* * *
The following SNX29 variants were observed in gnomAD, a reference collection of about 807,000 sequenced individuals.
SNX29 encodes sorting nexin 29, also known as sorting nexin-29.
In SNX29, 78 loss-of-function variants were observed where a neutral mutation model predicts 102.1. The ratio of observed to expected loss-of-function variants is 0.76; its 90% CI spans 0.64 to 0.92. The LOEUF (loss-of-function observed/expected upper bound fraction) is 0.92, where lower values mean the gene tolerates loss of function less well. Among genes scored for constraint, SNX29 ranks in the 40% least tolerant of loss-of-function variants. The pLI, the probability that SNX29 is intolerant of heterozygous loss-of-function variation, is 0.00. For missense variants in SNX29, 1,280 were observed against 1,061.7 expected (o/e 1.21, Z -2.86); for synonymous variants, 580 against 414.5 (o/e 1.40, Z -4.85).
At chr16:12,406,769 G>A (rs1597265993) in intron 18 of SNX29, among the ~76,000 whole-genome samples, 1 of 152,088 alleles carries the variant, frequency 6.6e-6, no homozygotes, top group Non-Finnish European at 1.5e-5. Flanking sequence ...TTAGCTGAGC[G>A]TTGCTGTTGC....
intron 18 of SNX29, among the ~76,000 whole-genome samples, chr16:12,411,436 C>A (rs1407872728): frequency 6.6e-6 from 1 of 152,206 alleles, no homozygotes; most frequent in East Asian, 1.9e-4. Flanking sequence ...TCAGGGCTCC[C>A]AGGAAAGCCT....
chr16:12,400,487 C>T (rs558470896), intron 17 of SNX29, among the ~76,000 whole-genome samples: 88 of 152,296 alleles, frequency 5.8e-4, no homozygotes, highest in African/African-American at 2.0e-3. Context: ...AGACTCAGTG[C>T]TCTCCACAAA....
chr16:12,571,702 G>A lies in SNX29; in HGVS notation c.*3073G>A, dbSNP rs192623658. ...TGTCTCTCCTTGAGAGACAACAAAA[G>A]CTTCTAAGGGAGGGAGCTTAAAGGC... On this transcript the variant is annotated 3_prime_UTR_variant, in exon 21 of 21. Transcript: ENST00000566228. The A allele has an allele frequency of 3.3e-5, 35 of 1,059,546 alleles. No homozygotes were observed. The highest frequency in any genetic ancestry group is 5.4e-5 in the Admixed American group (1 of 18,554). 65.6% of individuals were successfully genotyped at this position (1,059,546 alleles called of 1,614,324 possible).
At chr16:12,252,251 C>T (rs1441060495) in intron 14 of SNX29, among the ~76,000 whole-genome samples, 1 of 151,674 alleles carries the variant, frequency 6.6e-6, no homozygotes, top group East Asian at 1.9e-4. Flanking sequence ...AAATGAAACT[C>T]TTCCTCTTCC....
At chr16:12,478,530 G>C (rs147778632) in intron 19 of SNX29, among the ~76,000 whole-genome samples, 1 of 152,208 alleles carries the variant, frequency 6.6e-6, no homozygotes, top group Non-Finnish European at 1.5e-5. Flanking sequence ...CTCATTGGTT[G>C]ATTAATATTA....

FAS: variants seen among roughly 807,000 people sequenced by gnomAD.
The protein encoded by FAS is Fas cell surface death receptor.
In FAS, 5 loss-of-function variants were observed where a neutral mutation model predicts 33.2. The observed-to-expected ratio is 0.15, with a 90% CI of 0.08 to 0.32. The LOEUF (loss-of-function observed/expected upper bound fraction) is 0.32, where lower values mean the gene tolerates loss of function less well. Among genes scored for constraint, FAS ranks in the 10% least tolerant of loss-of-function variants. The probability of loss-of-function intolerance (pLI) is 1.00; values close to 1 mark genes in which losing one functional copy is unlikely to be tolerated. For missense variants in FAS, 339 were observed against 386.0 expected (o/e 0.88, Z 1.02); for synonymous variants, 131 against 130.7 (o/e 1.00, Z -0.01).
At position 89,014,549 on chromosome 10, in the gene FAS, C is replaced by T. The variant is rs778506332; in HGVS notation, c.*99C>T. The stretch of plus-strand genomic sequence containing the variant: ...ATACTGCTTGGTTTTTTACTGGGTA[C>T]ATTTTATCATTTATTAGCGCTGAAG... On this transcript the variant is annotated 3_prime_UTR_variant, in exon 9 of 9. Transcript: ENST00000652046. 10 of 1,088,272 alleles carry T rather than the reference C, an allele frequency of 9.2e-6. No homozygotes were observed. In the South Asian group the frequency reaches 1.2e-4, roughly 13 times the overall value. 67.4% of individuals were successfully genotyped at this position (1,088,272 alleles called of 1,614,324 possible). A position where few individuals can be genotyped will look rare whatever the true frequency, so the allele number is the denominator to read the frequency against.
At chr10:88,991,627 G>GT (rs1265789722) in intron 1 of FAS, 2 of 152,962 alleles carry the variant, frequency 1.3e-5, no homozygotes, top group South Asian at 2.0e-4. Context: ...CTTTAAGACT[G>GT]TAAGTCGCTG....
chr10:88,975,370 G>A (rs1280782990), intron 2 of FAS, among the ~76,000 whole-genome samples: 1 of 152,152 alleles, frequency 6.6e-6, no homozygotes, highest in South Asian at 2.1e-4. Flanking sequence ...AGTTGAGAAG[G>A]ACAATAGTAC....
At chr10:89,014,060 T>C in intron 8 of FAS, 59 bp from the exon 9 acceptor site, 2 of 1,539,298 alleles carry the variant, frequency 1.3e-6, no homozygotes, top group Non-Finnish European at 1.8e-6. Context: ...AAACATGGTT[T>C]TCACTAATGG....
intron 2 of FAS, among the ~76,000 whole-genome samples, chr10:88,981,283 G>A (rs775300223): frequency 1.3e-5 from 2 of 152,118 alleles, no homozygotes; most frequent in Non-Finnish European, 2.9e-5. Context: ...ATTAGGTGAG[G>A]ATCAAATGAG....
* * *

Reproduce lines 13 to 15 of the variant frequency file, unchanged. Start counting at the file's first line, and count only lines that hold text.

At position 89,014,549 on chromosome 10, in the gene FAS, C is replaced by T. The variant is rs778506332; in HGVS notation, c.*99C>T. The stretch of plus-strand genomic sequence containing the variant: ...ATACTGCTTGGTTTTTTACTGGGTA[C>T]ATTTTATCATTTATTAGCGCTGAAG... On this transcript the variant is annotated 3_prime_UTR_variant, in exon 9 of 9. Transcript: ENST00000652046. 10 of 1,088,272 alleles carry T rather than the reference C, an allele frequency of 9.2e-6. No homozygotes were observed. In the South Asian group the frequency reaches 1.2e-4, roughly 13 times the overall value. 67.4% of individuals were successfully genotyped at this position (1,088,272 alleles called of 1,614,324 possible). A position where few individuals can be genotyped will look rare whatever the true frequency, so the allele number is the denominator to read the frequency against.
At chr10:88,991,627 G>GT (rs1265789722) in intron 1 of FAS, 2 of 152,962 alleles carry the variant, frequency 1.3e-5, no homozygotes, top group South Asian at 2.0e-4. Context: ...CTTTAAGACT[G>GT]TAAGTCGCTG....
chr10:88,975,370 G>A (rs1280782990), intron 2 of FAS, among the ~76,000 whole-genome samples: 1 of 152,152 alleles, frequency 6.6e-6, no homozygotes, highest in South Asian at 2.1e-4. Flanking sequence ...AGTTGAGAAG[G>A]ACAATAGTAC....